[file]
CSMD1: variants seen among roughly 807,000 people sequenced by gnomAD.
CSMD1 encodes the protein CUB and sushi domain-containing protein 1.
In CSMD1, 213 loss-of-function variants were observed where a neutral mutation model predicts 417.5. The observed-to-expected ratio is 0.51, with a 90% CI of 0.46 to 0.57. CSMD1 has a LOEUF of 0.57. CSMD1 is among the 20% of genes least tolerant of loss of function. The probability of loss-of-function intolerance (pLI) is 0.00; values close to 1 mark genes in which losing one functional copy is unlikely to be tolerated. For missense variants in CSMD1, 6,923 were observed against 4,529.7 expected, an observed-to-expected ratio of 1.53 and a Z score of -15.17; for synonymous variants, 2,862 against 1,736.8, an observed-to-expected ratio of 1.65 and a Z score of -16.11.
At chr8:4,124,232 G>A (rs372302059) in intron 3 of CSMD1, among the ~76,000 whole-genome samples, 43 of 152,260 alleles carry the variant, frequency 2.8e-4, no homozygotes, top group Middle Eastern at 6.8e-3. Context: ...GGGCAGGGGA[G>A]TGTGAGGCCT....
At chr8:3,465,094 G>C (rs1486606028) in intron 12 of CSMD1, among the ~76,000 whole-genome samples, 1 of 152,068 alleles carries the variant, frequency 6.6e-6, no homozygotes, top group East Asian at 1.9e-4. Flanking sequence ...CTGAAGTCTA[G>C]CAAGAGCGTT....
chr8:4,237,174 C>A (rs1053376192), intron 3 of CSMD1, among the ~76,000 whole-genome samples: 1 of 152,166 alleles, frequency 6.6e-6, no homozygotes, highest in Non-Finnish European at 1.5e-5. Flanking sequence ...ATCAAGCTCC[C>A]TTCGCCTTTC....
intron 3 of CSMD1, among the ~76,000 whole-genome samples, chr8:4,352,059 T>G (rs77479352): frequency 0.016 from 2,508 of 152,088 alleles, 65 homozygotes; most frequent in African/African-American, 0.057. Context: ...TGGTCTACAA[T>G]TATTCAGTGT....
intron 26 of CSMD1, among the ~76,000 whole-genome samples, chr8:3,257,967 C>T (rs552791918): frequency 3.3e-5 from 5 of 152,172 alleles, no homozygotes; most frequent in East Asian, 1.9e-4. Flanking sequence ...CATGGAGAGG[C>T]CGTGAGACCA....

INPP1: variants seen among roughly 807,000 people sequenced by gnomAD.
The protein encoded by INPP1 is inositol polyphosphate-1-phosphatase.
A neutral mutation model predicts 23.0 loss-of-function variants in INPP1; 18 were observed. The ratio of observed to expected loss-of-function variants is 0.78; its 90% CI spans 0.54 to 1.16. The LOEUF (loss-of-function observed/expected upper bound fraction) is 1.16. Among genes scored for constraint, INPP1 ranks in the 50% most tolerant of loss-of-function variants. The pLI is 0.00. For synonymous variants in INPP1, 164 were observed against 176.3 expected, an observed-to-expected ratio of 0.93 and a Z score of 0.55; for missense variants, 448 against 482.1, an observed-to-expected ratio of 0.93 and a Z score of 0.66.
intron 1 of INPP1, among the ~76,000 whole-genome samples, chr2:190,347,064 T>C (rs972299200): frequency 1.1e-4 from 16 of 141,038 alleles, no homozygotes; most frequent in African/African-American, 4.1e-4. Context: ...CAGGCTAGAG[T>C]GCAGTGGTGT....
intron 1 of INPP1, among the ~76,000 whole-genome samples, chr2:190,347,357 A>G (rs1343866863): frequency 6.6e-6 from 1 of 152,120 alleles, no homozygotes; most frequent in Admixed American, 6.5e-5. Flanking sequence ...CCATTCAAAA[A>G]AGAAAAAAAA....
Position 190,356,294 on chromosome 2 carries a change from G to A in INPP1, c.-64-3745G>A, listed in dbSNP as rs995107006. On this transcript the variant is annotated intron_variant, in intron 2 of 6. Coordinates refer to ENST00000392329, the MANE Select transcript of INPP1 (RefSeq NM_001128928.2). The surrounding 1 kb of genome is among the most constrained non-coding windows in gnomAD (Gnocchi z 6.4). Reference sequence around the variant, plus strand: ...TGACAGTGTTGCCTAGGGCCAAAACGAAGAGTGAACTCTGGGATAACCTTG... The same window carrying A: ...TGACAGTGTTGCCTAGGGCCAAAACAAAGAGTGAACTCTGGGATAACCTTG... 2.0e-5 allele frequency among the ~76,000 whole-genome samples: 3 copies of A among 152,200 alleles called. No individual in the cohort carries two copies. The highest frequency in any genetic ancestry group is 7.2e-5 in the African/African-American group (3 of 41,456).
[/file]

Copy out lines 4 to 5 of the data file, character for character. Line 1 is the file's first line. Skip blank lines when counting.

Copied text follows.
At chr8:4,124,232 G>A (rs372302059) in intron 3 of CSMD1, among the ~76,000 whole-genome samples, 43 of 152,260 alleles carry the variant, frequency 2.8e-4, no homozygotes, top group Middle Eastern at 6.8e-3. Context: ...GGGCAGGGGA[G>A]TGTGAGGCCT....
At chr8:3,465,094 G>C (rs1486606028) in intron 12 of CSMD1, among the ~76,000 whole-genome samples, 1 of 152,068 alleles carries the variant, frequency 6.6e-6, no homozygotes, top group East Asian at 1.9e-4. Flanking sequence ...CTGAAGTCTA[G>C]CAAGAGCGTT....